73: My original attempt was to create a range of distributions for different 
                     74: purposes, i.e. one for developers, one for graphic designers, one for servers, 
                     75: etc. I don't know if this is the right way, esp. since some of the applications 
                     76: are *very* specific. You cannot really provide a sane server default 
                     77: installation except for some basic things like installing a vim, but that's all.
                     78: My current idea is to provide just one, maybe named *NetBSD flavoured*, with at 
                     79: least the following tools on board:
1.9       jdf        80: 
1.7       jdf        81:  * vim
                     82:  * pkgin
                     83:  * git
                     84:  * fossil
                     85:  * subversion
                     86:  * some other important VCSes
                     87:  * light-desktop (i.e., LXDE)
                     88:  * screen (tmux is in base)
                     89:  * some sane X terminal emulators
                     90:  * a browser (Firefox?!)
                     91:  * a mailer (Thunderbird? Claws-mail?)
                     92:  * emacs (maybe too large?)
                     93:  * perl
                     94:  * python
                     95:  * mplayer (when it's possible to pack it up)
                     96:  * pdf viewer
                     97:  * preconfigured bozohttpd running on localhost showing documentation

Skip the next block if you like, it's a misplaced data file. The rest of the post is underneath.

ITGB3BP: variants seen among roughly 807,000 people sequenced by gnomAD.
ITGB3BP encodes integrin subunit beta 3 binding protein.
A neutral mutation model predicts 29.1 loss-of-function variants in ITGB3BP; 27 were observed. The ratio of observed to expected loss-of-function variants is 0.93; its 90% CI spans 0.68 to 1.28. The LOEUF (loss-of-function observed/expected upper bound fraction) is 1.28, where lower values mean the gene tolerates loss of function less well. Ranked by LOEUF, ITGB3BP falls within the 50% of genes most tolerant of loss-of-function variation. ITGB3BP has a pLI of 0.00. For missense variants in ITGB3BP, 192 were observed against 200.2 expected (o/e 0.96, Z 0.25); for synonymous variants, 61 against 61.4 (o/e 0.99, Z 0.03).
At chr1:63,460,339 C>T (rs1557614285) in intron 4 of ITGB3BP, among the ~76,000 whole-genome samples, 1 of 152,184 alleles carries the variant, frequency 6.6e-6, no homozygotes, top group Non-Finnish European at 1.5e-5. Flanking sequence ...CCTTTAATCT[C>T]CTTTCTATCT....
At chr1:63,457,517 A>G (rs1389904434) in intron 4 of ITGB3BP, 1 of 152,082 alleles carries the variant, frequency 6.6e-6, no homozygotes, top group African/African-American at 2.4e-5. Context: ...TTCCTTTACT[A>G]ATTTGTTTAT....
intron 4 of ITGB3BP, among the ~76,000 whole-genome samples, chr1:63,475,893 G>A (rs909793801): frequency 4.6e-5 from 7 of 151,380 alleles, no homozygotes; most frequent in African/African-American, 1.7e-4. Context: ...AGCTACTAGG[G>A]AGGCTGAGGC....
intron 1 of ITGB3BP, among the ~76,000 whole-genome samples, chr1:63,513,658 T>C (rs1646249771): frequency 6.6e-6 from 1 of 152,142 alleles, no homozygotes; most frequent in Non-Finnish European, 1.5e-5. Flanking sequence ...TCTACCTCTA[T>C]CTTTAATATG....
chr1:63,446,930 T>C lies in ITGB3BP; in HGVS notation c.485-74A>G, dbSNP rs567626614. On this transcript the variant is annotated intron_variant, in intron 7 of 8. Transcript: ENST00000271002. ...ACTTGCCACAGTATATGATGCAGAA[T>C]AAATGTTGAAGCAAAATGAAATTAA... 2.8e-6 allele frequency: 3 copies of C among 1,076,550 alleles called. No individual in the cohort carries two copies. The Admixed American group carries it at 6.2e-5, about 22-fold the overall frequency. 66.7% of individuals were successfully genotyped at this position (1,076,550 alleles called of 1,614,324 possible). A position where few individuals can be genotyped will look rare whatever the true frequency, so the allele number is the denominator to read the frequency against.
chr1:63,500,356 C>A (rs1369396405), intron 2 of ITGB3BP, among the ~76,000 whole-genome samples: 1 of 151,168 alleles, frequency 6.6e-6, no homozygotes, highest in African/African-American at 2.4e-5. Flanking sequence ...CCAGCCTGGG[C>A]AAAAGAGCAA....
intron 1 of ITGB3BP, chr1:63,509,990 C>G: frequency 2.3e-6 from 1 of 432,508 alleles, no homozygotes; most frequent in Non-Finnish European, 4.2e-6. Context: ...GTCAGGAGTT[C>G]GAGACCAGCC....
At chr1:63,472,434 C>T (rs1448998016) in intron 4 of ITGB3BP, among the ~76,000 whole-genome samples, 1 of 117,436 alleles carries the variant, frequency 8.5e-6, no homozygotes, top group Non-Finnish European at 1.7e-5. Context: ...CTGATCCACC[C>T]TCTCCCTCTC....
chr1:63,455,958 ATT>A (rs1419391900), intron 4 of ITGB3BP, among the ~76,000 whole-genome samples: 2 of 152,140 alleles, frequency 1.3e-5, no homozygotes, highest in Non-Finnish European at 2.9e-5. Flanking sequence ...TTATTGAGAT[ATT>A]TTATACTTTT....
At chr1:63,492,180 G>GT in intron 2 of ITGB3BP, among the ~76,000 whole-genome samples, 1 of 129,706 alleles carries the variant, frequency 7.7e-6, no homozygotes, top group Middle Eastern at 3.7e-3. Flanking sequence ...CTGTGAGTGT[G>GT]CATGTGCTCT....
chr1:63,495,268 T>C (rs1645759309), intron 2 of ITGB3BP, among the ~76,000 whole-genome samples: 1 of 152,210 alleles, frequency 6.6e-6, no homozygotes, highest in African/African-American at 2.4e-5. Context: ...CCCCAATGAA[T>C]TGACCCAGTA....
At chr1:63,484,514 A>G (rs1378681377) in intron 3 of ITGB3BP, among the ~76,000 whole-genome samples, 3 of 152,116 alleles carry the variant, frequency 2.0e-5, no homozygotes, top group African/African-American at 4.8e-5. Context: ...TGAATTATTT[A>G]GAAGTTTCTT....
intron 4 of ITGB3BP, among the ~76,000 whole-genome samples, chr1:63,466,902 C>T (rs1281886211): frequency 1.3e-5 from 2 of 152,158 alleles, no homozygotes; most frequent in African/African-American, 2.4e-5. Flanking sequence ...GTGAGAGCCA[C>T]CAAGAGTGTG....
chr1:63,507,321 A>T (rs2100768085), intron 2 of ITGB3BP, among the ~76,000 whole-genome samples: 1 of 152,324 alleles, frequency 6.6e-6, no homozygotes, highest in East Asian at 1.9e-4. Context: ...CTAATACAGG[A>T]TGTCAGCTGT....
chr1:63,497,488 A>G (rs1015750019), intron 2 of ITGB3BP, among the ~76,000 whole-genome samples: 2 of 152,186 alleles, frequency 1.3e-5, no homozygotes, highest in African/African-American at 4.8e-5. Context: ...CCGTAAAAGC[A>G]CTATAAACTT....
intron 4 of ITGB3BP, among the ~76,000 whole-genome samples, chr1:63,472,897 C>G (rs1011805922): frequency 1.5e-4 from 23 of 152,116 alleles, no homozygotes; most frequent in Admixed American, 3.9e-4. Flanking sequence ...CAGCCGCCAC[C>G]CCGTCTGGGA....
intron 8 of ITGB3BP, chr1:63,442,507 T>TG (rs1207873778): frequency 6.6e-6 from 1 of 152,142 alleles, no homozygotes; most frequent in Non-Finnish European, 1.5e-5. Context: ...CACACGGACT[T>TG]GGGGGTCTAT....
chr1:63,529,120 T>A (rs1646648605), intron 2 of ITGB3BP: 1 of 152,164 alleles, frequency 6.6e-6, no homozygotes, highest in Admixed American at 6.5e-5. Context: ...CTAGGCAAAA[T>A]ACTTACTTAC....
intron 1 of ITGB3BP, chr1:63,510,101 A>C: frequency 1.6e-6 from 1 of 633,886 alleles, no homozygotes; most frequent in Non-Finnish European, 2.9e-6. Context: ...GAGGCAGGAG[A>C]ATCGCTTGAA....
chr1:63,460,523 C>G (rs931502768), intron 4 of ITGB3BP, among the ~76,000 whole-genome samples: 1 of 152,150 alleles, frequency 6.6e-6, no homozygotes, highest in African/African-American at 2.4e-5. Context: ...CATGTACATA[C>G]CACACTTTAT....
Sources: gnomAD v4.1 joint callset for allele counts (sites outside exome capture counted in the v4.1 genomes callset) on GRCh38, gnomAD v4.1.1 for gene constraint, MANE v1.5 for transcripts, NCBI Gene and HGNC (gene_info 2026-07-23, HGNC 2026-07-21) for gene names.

98: 
                     99: ## NetBSD documentation
                    100: 
1.8       jdf       101: In [this 
                    102: post](http://mail-index.netbsd.org/netbsd-docs/2012/09/20/msg000295.html)
                    103: I shared some ideas about what to do with documentation. Though much of it 
1.7       jdf       104: was proven not practical by the replies, I still have one idea: Unify 
                    105: documentation of NetBSD, and provide it all on a NetBSD system.
                    106: 
                    107: The first step is to merge as much content as possible into the NetBSD wiki. 
                    108: Currently, the NetBSD documentation is very diverse in its distribution form.
                    109: 
                    110: Then, the Google Code-In produced some nice results, including a CGI for a small 
                    111: markdown wiki to browse the wiki (if it was offline), and maybe even a terminal 
                    112: markdown browser.
                    113: 
                    114: Finally, ship these two in a pkgsrc package or even with base, and provide a 
                    115: small script which regularly updates the documentation.
                    116: 
                    117: ## NetBSD website
                    118: 
                    119: Currently, the NetBSD website is written in HTML and Docbook and requires many 
                    120: tools to be edited and committed. The final goal should be to have just a small 
                    121: homepage with a bit important information, but all the essential technical 
                    122: information should be in the wiki. There's also a separate page for this: 
                    123: [[htdocs_migration]].
                    124: 
                    125: Though the plan is currently to migrate *all* contents to the wiki, I don't